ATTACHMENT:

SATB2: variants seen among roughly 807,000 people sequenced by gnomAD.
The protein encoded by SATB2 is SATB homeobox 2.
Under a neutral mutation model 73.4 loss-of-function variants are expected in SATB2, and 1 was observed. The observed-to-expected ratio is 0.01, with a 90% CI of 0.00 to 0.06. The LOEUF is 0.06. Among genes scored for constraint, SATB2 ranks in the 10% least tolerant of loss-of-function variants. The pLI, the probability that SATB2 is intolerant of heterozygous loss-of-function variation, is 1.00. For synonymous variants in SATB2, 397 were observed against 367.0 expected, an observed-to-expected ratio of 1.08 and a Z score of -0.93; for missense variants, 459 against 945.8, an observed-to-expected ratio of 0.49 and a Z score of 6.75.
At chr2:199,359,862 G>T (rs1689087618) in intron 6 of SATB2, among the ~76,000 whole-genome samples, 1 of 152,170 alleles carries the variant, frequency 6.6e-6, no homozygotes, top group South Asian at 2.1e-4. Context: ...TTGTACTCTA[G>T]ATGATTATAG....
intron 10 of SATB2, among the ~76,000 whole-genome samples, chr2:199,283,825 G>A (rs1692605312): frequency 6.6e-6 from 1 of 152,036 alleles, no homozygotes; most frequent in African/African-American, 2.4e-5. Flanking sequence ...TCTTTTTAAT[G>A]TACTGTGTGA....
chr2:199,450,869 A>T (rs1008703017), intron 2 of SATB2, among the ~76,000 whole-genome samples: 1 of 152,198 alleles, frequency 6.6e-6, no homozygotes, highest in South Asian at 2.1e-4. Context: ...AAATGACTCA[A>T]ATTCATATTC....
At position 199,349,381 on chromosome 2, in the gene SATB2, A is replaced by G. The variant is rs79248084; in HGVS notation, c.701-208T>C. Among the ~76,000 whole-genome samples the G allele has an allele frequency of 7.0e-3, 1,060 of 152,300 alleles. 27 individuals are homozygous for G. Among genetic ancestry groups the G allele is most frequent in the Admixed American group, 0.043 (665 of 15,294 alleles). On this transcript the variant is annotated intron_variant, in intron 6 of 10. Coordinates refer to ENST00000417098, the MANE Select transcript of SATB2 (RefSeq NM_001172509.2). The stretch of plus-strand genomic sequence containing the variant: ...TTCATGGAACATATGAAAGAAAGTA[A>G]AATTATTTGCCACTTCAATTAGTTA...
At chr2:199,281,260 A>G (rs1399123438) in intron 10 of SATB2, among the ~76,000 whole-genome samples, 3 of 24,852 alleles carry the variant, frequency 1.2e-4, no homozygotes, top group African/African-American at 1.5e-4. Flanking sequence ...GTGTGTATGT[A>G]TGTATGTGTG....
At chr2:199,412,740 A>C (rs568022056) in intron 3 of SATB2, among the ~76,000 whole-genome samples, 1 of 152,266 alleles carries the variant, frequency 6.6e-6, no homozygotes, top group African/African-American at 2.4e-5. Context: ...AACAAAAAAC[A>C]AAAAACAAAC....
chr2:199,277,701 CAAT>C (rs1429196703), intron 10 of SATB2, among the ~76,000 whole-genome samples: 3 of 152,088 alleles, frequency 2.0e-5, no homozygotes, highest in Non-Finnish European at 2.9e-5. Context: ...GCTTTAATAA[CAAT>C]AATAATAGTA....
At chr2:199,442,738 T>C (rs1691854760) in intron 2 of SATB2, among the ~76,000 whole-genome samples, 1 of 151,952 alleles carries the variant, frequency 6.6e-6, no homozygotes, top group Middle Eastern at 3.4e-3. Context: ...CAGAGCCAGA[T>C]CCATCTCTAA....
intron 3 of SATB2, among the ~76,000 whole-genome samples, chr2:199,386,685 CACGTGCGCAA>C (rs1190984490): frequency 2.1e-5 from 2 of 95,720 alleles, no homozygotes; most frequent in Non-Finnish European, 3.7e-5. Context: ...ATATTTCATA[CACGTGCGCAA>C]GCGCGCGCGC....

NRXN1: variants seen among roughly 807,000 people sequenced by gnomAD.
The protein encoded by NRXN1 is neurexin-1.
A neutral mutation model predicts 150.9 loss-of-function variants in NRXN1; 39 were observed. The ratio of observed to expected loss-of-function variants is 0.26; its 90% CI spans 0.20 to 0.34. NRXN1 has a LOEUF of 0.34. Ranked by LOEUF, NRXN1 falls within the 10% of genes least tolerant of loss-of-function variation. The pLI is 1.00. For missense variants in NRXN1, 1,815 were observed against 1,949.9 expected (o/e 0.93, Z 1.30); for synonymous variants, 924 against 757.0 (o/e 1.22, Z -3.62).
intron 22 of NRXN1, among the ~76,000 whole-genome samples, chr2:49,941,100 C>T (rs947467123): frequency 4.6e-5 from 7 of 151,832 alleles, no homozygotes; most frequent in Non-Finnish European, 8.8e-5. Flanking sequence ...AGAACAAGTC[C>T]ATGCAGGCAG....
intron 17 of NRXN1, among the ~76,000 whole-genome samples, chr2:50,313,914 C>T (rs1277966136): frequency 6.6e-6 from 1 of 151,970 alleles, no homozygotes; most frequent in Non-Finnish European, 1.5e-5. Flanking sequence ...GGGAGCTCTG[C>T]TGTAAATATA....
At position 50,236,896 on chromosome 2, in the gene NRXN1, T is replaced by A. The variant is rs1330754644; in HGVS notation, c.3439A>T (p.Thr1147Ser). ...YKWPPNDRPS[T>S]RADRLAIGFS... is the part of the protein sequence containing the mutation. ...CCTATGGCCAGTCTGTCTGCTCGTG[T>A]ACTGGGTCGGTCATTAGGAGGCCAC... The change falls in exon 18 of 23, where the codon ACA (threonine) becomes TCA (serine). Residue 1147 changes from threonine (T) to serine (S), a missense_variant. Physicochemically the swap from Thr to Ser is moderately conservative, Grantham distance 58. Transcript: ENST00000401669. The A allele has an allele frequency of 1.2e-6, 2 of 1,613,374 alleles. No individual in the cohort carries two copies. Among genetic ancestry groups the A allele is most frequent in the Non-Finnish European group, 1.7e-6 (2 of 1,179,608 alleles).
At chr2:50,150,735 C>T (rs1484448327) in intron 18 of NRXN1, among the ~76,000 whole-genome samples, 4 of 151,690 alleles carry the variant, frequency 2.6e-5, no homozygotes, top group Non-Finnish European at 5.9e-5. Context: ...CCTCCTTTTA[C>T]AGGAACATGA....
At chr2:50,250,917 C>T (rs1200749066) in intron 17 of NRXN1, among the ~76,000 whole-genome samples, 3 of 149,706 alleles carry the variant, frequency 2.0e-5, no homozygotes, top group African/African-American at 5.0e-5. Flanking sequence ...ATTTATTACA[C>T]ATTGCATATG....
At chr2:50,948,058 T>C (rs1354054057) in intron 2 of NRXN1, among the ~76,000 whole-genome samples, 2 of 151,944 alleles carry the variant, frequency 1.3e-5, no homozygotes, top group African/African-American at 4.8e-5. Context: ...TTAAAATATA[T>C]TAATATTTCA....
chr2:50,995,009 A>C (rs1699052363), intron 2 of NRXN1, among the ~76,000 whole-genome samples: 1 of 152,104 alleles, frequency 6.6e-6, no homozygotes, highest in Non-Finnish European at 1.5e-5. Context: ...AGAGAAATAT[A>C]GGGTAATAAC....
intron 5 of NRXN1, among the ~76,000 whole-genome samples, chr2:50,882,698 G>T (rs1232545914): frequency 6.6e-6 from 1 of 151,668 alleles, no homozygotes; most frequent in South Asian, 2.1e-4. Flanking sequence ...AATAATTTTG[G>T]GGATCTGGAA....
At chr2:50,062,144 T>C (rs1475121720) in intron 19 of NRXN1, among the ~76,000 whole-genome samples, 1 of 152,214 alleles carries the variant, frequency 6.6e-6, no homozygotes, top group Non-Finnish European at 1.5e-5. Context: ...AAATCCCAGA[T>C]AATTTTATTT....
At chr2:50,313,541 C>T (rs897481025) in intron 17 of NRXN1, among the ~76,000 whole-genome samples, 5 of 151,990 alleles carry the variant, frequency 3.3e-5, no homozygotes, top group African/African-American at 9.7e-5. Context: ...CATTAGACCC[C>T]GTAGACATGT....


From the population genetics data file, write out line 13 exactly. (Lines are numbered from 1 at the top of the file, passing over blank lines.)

NRXN1: variants seen among roughly 807,000 people sequenced by gnomAD.